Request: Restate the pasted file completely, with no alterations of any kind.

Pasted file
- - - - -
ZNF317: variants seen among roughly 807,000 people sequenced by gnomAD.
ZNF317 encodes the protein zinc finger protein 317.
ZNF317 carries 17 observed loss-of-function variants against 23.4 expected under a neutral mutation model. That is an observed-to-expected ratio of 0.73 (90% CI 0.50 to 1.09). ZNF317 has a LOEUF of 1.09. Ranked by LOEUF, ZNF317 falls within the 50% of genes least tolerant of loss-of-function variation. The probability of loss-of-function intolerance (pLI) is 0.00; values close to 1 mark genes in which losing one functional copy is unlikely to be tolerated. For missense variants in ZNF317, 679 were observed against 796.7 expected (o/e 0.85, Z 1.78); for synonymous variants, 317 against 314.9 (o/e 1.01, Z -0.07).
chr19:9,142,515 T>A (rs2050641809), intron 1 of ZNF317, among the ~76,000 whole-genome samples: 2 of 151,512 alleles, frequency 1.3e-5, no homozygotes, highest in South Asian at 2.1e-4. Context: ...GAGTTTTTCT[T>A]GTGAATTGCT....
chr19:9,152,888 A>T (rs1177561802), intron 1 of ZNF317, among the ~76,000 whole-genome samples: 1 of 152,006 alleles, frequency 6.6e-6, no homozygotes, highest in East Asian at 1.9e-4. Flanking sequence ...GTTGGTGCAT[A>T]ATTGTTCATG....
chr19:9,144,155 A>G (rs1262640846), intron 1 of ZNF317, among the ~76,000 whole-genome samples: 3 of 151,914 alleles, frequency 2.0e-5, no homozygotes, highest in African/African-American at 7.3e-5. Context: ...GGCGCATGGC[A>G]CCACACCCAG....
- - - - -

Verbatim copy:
ZNF317: variants seen among roughly 807,000 people sequenced by gnomAD.
ZNF317 encodes the protein zinc finger protein 317.
ZNF317 carries 17 observed loss-of-function variants against 23.4 expected under a neutral mutation model. That is an observed-to-expected ratio of 0.73 (90% CI 0.50 to 1.09). ZNF317 has a LOEUF of 1.09. Ranked by LOEUF, ZNF317 falls within the 50% of genes least tolerant of loss-of-function variation. The probability of loss-of-function intolerance (pLI) is 0.00; values close to 1 mark genes in which losing one functional copy is unlikely to be tolerated. For missense variants in ZNF317, 679 were observed against 796.7 expected (o/e 0.85, Z 1.78); for synonymous variants, 317 against 314.9 (o/e 1.01, Z -0.07).
chr19:9,142,515 T>A (rs2050641809), intron 1 of ZNF317, among the ~76,000 whole-genome samples: 2 of 151,512 alleles, frequency 1.3e-5, no homozygotes, highest in South Asian at 2.1e-4. Context: ...GAGTTTTTCT[T>A]GTGAATTGCT....
chr19:9,152,888 A>T (rs1177561802), intron 1 of ZNF317, among the ~76,000 whole-genome samples: 1 of 152,006 alleles, frequency 6.6e-6, no homozygotes, highest in East Asian at 1.9e-4. Flanking sequence ...GTTGGTGCAT[A>T]ATTGTTCATG....
chr19:9,144,155 A>G (rs1262640846), intron 1 of ZNF317, among the ~76,000 whole-genome samples: 3 of 151,914 alleles, frequency 2.0e-5, no homozygotes, highest in African/African-American at 7.3e-5. Context: ...GGCGCATGGC[A>G]CCACACCCAG....